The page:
Wednesday, April 04, 2012

Practicing in Class Update

Over the last few weeks,  I have been complaining about my students' lack of practice and being able to work on their own. I did want to give a quick update, but first I need to give a shout-out to my great twitter friend @druinok for her blog post on practicing that she put together after my complaining. I have tried some of her suggestions and I am grateful to have had a one-stop resource to start looking for ideas.

My Math 1 students had a test today and I used the colored folders activity from Mrs. Graham's Math with them on Monday. I took some 12" x 12" card stock and cut it into 4 6" x 6" squares and wrote review questions on them. Each color had the same type of problems on them. With my Math 1 students, I put the answers in the folder they would get next so they wouldn't just copy the answers. I felt my students worked very well with this review activity. Almost every student was engaged and some of them were helping each other. This is my inclusion class and it allowed both me and the aide in class to get around and help students. My only complaint (and it's my own fault) is that some problem sets didn't take as long to do as others did, so there was a little too much down time. I think if the problem sets took around the same amount of time, this would work well. I did Speed Dating with them again (they did it before the previous test) and also did fairly well with it. The one thing I have found with them is they tend to take the problems they are comfortable with rather than challenging themselves to work with one they are not as sure of. Overall, it's been a successful week with them and I think I'll be looking to do more of these type activities with them.

My Advanced Algebra 2 students also had a test today. Instead of giving them a review sheet like normal, I broke it up and used the same colored folders activity I used with Math 1. I did put the answers in the same folder as the problems because they like to know they are correct as they are working on it. I think they were a little more engaged than if I had given them the worksheet to do the problems, however, their test scores today were not good. I'm trying to figure out if they didn't learn the learning targets very well when they were taught and it's catching up with them or if the different way of reviewing is the issue or what. More on that in another blog post, perhaps.

My Algebra 2 students did the notecard activity that Mimi blogged about on Monday - I had originally planned this for last Friday but didn't have time. We did a new lesson Tuesday and since today was our last day before Spring Break, I put together a relay activity similar to what @druinok mentioned in her practicing blog post. I set up 6 sets of cards and made duplicates so I had 12 sets of cards. I used the Random Word Chooser to have students choose partners (or in one class - 1 group of 3) and had them get whiteboards. Once they were settled, I explained the rules: They would each begin with a card (face down to begin) and work out the problem on the card. When they thought they had the correct answer, one team member was to bring the whiteboard up with their card and I would check it. If it was correct, they would get the next card. If it was wrong, they had to go back and fix it. (In most cases, I gave them a hint as to what was wrong to keep them moving along.) The first 6 teams to successfully get through their cards (I did 9) would get to pick a plastic egg from my basket (they all had candy in them).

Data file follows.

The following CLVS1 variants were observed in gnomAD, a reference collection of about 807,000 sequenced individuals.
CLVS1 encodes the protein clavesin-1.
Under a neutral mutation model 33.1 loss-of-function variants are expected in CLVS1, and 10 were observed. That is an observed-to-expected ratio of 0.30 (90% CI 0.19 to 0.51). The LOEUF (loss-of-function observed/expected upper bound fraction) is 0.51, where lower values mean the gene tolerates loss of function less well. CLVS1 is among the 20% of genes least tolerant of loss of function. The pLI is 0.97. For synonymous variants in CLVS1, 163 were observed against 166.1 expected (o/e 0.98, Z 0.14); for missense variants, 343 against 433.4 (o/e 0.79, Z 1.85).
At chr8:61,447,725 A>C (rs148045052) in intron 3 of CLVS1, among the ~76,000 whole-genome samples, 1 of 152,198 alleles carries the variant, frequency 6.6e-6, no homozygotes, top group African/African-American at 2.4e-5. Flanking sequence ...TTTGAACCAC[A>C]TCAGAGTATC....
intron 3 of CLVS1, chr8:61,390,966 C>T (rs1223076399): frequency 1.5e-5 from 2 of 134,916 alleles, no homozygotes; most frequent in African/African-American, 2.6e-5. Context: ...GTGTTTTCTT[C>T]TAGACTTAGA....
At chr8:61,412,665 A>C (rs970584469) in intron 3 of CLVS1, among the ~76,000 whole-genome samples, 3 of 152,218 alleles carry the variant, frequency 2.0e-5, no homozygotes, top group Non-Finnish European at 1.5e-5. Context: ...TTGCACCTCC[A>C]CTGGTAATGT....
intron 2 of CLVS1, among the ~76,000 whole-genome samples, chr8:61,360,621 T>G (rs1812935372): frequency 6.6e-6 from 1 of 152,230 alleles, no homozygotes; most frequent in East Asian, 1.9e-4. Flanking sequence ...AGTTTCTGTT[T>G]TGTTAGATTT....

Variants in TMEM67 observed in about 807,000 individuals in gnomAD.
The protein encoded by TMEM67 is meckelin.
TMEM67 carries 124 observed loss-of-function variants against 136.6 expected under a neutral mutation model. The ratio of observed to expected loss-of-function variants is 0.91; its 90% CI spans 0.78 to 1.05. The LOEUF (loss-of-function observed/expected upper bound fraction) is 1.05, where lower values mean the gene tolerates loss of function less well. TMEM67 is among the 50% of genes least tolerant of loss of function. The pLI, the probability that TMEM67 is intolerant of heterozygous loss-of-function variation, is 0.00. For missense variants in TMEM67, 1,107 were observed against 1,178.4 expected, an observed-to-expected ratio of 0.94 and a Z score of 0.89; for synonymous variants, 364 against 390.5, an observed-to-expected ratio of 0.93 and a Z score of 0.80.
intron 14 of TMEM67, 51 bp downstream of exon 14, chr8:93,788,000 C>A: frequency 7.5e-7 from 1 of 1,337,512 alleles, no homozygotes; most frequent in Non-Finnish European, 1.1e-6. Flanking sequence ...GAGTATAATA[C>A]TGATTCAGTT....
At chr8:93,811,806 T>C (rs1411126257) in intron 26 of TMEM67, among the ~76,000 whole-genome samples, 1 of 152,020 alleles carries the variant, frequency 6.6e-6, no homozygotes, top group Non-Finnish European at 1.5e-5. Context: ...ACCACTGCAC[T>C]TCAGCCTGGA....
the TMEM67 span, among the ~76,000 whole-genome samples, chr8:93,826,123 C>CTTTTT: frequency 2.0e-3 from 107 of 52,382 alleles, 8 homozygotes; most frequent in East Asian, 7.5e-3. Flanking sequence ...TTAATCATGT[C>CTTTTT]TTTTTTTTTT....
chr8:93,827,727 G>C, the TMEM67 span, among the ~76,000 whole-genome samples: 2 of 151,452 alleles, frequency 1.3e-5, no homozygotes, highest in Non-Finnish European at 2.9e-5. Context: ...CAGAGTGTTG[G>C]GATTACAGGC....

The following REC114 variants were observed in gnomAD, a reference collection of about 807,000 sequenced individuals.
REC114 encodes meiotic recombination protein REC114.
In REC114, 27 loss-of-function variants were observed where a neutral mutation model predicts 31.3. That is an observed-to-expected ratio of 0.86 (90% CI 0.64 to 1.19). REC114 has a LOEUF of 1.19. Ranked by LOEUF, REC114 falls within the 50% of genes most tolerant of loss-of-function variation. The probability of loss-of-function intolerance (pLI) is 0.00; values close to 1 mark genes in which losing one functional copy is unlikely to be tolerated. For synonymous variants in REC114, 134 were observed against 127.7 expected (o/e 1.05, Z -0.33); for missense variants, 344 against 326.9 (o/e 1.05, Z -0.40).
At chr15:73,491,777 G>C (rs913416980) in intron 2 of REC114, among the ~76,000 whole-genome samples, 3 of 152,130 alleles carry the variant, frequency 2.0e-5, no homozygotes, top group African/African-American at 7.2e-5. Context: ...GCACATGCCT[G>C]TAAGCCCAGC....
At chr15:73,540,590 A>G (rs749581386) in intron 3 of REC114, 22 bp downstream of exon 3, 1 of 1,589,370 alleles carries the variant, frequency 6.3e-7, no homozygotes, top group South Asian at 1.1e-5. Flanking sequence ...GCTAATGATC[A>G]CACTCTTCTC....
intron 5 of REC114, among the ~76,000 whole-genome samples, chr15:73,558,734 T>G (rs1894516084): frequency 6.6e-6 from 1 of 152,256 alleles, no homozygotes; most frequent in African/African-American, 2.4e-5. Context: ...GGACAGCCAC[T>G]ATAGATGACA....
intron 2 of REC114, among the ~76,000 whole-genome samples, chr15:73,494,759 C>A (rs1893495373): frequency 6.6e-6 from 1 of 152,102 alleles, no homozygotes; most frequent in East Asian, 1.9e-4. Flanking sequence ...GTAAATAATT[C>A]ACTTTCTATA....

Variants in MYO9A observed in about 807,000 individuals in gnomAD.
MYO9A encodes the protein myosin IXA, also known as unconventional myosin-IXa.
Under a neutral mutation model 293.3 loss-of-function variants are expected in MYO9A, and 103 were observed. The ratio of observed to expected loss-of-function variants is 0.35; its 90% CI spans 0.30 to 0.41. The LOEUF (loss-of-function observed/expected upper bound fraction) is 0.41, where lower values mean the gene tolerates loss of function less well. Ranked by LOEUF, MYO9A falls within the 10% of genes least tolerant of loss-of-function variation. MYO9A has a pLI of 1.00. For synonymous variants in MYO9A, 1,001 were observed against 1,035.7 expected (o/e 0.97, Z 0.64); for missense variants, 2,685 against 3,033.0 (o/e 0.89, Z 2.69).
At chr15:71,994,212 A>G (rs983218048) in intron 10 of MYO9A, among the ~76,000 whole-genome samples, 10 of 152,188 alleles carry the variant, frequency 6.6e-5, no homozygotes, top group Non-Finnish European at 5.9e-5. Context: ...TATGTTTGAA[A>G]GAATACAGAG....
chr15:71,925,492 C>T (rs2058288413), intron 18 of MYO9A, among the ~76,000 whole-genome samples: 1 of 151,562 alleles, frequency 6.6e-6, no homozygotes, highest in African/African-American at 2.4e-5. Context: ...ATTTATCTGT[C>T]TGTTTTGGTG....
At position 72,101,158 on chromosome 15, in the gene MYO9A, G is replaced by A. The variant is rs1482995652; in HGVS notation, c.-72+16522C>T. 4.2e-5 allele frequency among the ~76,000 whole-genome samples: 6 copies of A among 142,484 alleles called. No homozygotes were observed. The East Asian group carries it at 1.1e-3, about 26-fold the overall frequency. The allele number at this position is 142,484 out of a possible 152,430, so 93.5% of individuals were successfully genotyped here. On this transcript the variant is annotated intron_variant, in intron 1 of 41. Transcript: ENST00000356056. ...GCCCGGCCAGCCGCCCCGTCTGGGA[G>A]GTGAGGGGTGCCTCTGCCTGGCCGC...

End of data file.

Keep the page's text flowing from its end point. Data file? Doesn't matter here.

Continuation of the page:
At the start, most of my students were engaged. When they got stuck, some of them got really stuck. (The first 2 problems had GCF factoring in them -  I have no idea why they don't "see" it, but that's another story.) In all three classes, there were 2-3 groups that basically seemed to give up after struggling for a while with the problems and those groups got through maybe 2 problems each. However, most of the classes were engaged and working - and it was the last day before Spring Break!

Here's what I am struggling with: although I am seeing more students who are engaged with practicing the math when I do this in class, it takes a lot of work to set these up, even when I am taking problems from worksheets (and not creating them from scratch). I probably have about 2 1/2 hours invested in the set up of the relay activity. Right now, I don't have a lot of extra time to give to keep setting up these kind of activities. However, it does mostly pay off since the students are doing the math and seem to be somewhat enjoying it. I am still seeing an issue in terms of them not completing homework or worksheet/book problems. How do you get the students to realize that they still need to do outside work, especially now when the weather is nicer and we are getting near the end of the year? I'm not sure what that answer is right now.

Sunday, April 01, 2012

Unnamed (weekly)

Posted from Diigo. The rest of my favorite links are here.